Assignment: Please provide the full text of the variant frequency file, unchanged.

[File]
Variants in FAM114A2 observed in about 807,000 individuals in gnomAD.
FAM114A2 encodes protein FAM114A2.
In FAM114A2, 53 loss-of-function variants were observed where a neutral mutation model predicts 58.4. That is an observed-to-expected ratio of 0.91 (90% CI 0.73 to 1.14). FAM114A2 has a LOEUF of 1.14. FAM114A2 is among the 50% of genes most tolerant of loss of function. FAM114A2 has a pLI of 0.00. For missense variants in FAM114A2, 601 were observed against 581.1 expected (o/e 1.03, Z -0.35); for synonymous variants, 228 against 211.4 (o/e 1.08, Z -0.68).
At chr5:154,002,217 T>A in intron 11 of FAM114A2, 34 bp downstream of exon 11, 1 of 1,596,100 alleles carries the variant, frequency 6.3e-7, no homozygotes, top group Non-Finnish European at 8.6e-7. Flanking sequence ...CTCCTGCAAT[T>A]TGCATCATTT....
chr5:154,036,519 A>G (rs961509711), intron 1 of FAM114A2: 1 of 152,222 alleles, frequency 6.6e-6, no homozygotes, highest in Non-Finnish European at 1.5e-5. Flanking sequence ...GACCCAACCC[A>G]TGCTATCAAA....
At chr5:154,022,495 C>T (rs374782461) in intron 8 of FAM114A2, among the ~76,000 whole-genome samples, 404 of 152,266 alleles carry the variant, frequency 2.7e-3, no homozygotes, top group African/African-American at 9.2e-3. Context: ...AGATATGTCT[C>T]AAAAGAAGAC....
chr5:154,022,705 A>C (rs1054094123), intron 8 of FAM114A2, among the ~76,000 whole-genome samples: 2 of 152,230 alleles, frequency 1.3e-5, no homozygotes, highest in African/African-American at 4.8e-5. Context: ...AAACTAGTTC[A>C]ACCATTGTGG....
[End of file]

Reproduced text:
Variants in FAM114A2 observed in about 807,000 individuals in gnomAD.
FAM114A2 encodes protein FAM114A2.
In FAM114A2, 53 loss-of-function variants were observed where a neutral mutation model predicts 58.4. That is an observed-to-expected ratio of 0.91 (90% CI 0.73 to 1.14). FAM114A2 has a LOEUF of 1.14. FAM114A2 is among the 50% of genes most tolerant of loss of function. FAM114A2 has a pLI of 0.00. For missense variants in FAM114A2, 601 were observed against 581.1 expected (o/e 1.03, Z -0.35); for synonymous variants, 228 against 211.4 (o/e 1.08, Z -0.68).
At chr5:154,002,217 T>A in intron 11 of FAM114A2, 34 bp downstream of exon 11, 1 of 1,596,100 alleles carries the variant, frequency 6.3e-7, no homozygotes, top group Non-Finnish European at 8.6e-7. Flanking sequence ...CTCCTGCAAT[T>A]TGCATCATTT....
chr5:154,036,519 A>G (rs961509711), intron 1 of FAM114A2: 1 of 152,222 alleles, frequency 6.6e-6, no homozygotes, highest in Non-Finnish European at 1.5e-5. Flanking sequence ...GACCCAACCC[A>G]TGCTATCAAA....
At chr5:154,022,495 C>T (rs374782461) in intron 8 of FAM114A2, among the ~76,000 whole-genome samples, 404 of 152,266 alleles carry the variant, frequency 2.7e-3, no homozygotes, top group African/African-American at 9.2e-3. Context: ...AGATATGTCT[C>T]AAAAGAAGAC....
chr5:154,022,705 A>C (rs1054094123), intron 8 of FAM114A2, among the ~76,000 whole-genome samples: 2 of 152,230 alleles, frequency 1.3e-5, no homozygotes, highest in African/African-American at 4.8e-5. Context: ...AAACTAGTTC[A>C]ACCATTGTGG....